Development of Specialized Laser Doppler Velocimeters for High Resolution Flow Profile and Turbulence Spectral Measurements
Fluid dynamicists are always in need of innovative instruments for flow velocity measurements. An ideal instrument would be non-intrusive, have a very fine spatial resolution as well as a very fine temporal resolution, be able to measure three-components of velocity, and be compact. Through recent advancements, laser Doppler velocimetry can now meet all of those requirements making it an important part of aerodynamicist's research toolbox.
The first paper presented in this manuscript style thesis explains the development of an advanced three-velocity component, spatially-resolving laser-Doppler velocimetry (LDV) system for highly resolved velocity measurements in situations with limited optical access. The new instrument, a next generation version of the previously developed 'comprehensive' LDV technology, enables measurements of three components of velocity and particle position in the axial direction all through a single transceiving lens. Described here is the design process and the final design for the 'compact, comprehensive' LDV (Comp²LDV). The probe was designed to achieve ± 10 micron root-mean-square uncertainties in axial particle position, which combined with the long measurement volume, allow researchers to obtain a three-velocity-component velocity statistics profiles over a span of approximately 1.5mm without the need for traversing. Results from measurements in a flat plate turbulent boundary layer very near the wall have compared favorably to data from previous studies.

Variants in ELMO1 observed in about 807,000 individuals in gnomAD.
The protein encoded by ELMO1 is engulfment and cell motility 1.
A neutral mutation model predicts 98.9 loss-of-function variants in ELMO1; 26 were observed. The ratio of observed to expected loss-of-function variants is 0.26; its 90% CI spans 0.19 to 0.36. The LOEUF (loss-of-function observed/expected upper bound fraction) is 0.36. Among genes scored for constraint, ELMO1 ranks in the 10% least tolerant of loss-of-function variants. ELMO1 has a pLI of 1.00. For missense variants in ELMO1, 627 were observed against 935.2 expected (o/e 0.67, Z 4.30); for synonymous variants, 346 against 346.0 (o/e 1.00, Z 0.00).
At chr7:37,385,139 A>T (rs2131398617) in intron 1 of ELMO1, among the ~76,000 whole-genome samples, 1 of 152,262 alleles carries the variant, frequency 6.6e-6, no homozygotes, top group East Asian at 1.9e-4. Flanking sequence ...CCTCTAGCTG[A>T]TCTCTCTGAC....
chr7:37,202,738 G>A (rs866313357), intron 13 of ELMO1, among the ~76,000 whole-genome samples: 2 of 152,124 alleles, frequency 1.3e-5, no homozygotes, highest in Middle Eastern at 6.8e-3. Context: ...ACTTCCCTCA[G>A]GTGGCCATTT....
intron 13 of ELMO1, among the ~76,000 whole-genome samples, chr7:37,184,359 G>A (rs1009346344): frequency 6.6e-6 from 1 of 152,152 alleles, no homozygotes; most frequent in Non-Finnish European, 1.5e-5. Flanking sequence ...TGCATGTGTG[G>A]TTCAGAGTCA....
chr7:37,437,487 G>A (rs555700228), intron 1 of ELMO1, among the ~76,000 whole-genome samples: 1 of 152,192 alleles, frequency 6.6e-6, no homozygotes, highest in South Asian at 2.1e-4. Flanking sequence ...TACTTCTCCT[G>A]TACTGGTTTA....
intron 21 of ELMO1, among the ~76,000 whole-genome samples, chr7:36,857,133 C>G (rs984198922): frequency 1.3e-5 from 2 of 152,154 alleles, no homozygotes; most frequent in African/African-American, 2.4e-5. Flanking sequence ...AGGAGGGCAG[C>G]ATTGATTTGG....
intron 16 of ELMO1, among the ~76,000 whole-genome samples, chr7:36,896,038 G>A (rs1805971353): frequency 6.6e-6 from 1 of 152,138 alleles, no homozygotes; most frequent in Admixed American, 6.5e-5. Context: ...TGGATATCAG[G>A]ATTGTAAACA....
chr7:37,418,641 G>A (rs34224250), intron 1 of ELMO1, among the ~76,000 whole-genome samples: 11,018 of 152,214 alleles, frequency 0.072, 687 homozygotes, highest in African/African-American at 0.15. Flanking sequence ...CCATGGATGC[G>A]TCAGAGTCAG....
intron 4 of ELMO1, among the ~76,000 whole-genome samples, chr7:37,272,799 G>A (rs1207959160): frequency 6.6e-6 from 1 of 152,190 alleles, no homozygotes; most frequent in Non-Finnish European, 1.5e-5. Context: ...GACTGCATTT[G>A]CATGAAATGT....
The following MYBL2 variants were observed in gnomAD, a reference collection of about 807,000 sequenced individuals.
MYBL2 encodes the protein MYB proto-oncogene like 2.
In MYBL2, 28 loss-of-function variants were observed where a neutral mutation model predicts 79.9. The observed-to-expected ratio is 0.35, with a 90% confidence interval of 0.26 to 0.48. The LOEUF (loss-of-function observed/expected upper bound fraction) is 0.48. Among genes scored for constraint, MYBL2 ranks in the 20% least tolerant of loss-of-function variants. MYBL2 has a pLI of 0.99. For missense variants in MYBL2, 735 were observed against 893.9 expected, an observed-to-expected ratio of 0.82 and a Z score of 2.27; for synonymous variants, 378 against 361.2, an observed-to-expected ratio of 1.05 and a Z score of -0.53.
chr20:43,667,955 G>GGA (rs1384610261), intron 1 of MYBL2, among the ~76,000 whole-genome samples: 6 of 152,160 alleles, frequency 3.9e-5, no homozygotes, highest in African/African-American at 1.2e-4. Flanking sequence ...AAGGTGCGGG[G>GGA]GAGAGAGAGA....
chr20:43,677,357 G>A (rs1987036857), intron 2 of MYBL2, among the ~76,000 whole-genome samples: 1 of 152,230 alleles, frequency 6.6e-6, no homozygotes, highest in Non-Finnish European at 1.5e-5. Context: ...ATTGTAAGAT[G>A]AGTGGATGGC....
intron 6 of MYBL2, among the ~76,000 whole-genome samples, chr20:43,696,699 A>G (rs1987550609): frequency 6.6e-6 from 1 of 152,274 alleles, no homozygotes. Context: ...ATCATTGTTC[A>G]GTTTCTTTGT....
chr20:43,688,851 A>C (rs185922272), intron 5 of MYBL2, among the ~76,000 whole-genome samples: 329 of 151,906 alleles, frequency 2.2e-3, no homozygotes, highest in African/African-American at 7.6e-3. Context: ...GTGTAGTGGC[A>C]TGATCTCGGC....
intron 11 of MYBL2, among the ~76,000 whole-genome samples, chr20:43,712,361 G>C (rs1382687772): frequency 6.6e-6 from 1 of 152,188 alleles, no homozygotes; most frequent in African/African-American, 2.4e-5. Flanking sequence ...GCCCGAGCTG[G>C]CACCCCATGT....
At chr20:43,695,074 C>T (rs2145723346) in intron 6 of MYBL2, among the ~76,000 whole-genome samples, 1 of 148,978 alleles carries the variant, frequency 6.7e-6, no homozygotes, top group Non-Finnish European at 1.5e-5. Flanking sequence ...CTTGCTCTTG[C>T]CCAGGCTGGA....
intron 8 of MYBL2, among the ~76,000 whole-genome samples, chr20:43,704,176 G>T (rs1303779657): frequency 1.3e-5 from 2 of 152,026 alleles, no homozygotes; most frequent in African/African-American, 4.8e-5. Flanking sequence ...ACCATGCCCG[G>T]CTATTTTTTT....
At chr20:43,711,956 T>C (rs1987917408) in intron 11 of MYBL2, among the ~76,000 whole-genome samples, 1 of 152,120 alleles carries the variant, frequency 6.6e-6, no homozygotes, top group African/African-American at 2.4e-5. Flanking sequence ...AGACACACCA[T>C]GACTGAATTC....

The second paper focuses on the motion and evolution of coherent structures in supersonic jet flows and how that relates to the intense noise the flows generate. As a preliminary study to experimentally address these relationships, novel non-intrusive measurements using two-component laser Doppler velocimetry (LDV) have been conducted at exceptionally high data rates to lend insight into the statistical behavior of noise-generating flow structures. A new heated supersonic jet facility has been constructed to provide supersonic flow at total temperatures ratios (T₀/Tₐ) up to 3. In the present work, the instrumentation is validated via comparison of LDV measurements along the centerline of a screeching cold jet with microphone and high-speed shadowgraph results. Reynolds stress spectra are presented for an over-expanded case (nozzle pressure ratio of 3.2) of a design Mach number 1.65 nozzle operated cold (T₀/Tₐ = 1). A preliminary study was then conducted in the near-nozzle shear layer, up to x/d = 4.0, at design nozzle pressure ratio (4.58) and total temperature ratio of 2.0. Results are presented for Reynolds stress time-delay correlations and power spectra at Re_d = 1.1M for this case. The stream-wise Reynolds normal stress spectra are compared with published spectral behavior reported by other researchers, indicating a similar spectral shape in the downstream stations as previously measured with LDV and hot wire anemometry for cold jets, but which differ in shape from density-based techniques.